Last Updated on 13.2.18 by Gorvins
Forget the flowers and romance. Valentine’s Day could be bad for your marriage.
Divorce inquiries almost double on February 14th, says lawyers, with some women citing a partner’s lack of romance as an example of ‘unreasonable behaviour.’ – the most common ground for divorce in UK law.
Manchester-based Gorvins solicitors say they took almost double the number of divorce enquiries last 14th February, with the firm’s head of family law, Nicola McInnes saying that a day devoted to romance and public shows of affection can trigger the end to a troubled marriage.
And seeing other couples’ lovey-dovey Facebook posts rubs salt into the wounds, with more than half (56%) of couples saying social media has caused friction in their relationship.
‘The surge in calls is usually because it seems that being surrounded by shops selling cards, flowers and the pressure to be romantic, is the final straw,” said Ms McInnes.
“Valentine’s Day might throw into focus all the cracks in a marriage as well as the desire to have a fresh start since it could mirror how their own relationship hasn’t lived up to expectation.”
She points out that some people seize on lack of interest on Valentines Day as grounds for unreasonable behaviour – the speediest way to get a divorce since if both parties agree to a split on these terms a judge is unlikely to raise any objections. And it doesn’t necessitate having to otherwise wait two to five years for the divorce to be finalised.
Valentines Day already has a troubled association with romance – only this week, research published by the University of Melbourne, found that people who get married on February 14th, have a 37 percent higher chance of splitting.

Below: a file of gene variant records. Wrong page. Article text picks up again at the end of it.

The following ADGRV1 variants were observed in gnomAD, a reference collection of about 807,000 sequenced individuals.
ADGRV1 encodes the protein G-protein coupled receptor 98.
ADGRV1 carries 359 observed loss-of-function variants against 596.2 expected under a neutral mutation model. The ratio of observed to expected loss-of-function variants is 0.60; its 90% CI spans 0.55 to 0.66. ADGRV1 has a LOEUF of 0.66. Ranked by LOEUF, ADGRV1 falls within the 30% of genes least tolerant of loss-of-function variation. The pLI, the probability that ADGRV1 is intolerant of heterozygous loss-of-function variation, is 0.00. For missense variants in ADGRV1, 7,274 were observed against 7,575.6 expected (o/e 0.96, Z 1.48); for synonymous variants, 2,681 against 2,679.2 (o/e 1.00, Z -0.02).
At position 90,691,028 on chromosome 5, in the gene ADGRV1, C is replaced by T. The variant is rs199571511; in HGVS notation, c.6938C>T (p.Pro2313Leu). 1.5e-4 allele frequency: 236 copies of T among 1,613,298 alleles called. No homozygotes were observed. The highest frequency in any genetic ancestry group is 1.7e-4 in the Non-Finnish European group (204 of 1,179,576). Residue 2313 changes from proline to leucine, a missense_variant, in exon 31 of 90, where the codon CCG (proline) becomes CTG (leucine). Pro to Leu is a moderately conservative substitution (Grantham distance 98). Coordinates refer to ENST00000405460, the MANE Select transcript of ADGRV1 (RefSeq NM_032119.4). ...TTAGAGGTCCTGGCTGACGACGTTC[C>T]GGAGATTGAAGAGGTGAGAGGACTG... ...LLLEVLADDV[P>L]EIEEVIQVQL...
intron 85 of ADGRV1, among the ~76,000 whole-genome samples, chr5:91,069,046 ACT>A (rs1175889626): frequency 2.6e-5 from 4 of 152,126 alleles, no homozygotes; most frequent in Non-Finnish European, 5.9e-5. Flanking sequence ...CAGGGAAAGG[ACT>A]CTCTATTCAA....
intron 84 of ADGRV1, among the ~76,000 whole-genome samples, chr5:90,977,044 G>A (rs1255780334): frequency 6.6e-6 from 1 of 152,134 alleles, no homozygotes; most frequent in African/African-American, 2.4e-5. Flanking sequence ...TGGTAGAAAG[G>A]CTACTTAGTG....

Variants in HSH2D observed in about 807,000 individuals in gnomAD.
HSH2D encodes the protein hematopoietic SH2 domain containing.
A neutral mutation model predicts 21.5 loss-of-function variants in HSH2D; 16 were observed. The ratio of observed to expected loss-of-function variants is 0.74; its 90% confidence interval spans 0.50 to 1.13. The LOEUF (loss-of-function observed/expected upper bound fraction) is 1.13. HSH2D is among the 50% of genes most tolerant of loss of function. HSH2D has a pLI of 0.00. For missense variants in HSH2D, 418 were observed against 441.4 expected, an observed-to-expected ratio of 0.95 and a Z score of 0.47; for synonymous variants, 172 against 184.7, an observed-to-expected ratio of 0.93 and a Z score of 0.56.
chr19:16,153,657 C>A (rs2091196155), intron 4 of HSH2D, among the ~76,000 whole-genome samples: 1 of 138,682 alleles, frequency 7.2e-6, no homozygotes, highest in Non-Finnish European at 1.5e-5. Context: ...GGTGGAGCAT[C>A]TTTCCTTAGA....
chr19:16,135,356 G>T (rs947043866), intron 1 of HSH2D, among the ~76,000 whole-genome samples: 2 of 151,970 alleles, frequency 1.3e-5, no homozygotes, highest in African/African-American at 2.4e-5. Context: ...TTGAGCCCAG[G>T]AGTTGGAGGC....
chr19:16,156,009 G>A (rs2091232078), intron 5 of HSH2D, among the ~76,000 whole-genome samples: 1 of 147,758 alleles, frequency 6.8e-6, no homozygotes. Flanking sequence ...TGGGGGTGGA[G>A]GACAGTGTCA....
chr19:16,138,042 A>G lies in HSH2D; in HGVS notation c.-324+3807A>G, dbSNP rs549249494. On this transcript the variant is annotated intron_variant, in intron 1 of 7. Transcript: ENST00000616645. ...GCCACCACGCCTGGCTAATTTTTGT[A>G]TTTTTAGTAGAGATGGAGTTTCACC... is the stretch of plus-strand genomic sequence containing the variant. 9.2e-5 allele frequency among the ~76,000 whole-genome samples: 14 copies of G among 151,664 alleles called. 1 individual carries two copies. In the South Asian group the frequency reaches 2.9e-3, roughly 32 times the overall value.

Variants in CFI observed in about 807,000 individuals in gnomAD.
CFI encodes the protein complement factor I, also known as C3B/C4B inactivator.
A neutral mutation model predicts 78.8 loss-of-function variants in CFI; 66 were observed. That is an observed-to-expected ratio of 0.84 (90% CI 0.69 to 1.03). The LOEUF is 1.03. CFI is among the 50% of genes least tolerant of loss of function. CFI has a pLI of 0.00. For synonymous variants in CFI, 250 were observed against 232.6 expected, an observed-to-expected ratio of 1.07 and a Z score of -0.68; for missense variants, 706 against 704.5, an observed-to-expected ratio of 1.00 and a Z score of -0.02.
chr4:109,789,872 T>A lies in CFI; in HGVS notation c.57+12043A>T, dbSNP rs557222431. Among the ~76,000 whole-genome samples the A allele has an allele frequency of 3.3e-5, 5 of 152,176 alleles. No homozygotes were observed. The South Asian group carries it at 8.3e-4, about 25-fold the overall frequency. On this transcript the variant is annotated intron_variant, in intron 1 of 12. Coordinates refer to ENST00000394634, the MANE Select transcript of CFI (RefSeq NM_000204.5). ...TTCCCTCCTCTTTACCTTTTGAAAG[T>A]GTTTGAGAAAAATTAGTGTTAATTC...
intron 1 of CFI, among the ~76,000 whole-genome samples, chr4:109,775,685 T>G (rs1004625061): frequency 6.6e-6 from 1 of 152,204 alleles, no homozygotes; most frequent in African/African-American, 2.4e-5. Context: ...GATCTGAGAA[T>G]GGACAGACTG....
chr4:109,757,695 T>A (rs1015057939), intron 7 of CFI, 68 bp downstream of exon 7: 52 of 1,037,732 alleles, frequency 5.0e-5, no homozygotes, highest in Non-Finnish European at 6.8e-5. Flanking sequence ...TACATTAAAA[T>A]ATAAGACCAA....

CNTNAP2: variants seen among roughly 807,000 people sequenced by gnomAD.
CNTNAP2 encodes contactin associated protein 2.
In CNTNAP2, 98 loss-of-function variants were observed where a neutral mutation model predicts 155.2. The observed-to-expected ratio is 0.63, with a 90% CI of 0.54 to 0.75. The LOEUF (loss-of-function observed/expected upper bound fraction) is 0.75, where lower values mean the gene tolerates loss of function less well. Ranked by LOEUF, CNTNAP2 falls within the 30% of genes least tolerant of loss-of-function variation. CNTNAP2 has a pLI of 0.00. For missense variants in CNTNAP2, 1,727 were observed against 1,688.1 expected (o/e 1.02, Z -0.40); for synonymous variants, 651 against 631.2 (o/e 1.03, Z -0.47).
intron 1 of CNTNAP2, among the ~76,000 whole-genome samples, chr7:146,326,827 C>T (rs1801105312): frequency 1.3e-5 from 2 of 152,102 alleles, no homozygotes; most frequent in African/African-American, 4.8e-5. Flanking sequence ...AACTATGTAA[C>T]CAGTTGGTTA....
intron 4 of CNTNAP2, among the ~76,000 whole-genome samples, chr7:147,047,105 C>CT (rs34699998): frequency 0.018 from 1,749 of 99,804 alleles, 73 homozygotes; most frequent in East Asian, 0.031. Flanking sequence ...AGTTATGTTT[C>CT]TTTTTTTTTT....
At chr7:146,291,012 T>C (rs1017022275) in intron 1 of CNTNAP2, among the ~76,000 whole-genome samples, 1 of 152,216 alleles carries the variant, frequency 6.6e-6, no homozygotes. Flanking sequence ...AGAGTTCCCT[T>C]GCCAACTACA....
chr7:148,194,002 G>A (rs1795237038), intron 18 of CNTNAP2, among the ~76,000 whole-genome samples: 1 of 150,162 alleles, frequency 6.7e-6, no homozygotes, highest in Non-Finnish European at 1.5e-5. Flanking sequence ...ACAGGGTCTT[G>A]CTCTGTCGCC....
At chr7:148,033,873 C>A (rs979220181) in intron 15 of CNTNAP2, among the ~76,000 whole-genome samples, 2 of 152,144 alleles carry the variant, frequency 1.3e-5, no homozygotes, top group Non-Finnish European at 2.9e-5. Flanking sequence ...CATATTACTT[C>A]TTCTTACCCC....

And while relationship experts often blame the stress of trying to stage a perfect “chocolate box” at Christmas it seems that Valentines Day is also a time when issues within a marriage or a long-term relationship come to a head.
Looking at social media on Valentines Day seems to be a particular issue – a third of men (33%) and 28 per cent of women say they’re likely to spy on their partner.
Adds Nicola McInnes: “On Valentine’s Day and the day after, many clients will have looked at sites such as Facebook and seen them filled with posts from happy couples citing gorgeous restaurants they visited for their romantic night out.
“Lots of people also post pictures of flowers or gifts they have received. For someone in an unhappy relationship, these images might add to feelings of neglect or bring home the fact that their marriage is missing something.”
“And even though a bouquet of red roses will never be the one thing that could fix an otherwise challenging partnership, it just reminds people of what they think they are missing. If their relationship isn’t already working, it seems that Valentine’s Day is the proof they need that it is time to break up.”